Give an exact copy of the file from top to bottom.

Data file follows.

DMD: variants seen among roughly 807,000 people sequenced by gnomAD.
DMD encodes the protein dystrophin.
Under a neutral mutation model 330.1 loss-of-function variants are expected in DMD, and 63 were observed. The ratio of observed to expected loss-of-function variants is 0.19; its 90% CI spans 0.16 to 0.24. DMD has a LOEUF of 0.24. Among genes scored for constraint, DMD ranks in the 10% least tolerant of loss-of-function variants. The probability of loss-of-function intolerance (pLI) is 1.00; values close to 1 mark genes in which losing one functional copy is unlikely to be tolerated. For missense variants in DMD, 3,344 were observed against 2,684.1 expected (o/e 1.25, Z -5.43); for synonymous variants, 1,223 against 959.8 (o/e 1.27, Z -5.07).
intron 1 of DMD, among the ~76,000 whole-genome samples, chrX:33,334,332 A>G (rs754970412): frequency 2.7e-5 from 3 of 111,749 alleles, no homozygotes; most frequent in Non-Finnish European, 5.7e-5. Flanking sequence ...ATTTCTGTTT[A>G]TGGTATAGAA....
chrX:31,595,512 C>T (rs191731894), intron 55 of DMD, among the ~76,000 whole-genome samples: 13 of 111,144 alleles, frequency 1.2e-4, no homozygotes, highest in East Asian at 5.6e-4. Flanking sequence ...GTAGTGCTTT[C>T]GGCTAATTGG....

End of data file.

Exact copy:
DMD: variants seen among roughly 807,000 people sequenced by gnomAD.
DMD encodes the protein dystrophin.
Under a neutral mutation model 330.1 loss-of-function variants are expected in DMD, and 63 were observed. The ratio of observed to expected loss-of-function variants is 0.19; its 90% CI spans 0.16 to 0.24. DMD has a LOEUF of 0.24. Among genes scored for constraint, DMD ranks in the 10% least tolerant of loss-of-function variants. The probability of loss-of-function intolerance (pLI) is 1.00; values close to 1 mark genes in which losing one functional copy is unlikely to be tolerated. For missense variants in DMD, 3,344 were observed against 2,684.1 expected (o/e 1.25, Z -5.43); for synonymous variants, 1,223 against 959.8 (o/e 1.27, Z -5.07).
intron 1 of DMD, among the ~76,000 whole-genome samples, chrX:33,334,332 A>G (rs754970412): frequency 2.7e-5 from 3 of 111,749 alleles, no homozygotes; most frequent in Non-Finnish European, 5.7e-5. Flanking sequence ...ATTTCTGTTT[A>G]TGGTATAGAA....
chrX:31,595,512 C>T (rs191731894), intron 55 of DMD, among the ~76,000 whole-genome samples: 13 of 111,144 alleles, frequency 1.2e-4, no homozygotes, highest in East Asian at 5.6e-4. Flanking sequence ...GTAGTGCTTT[C>T]GGCTAATTGG....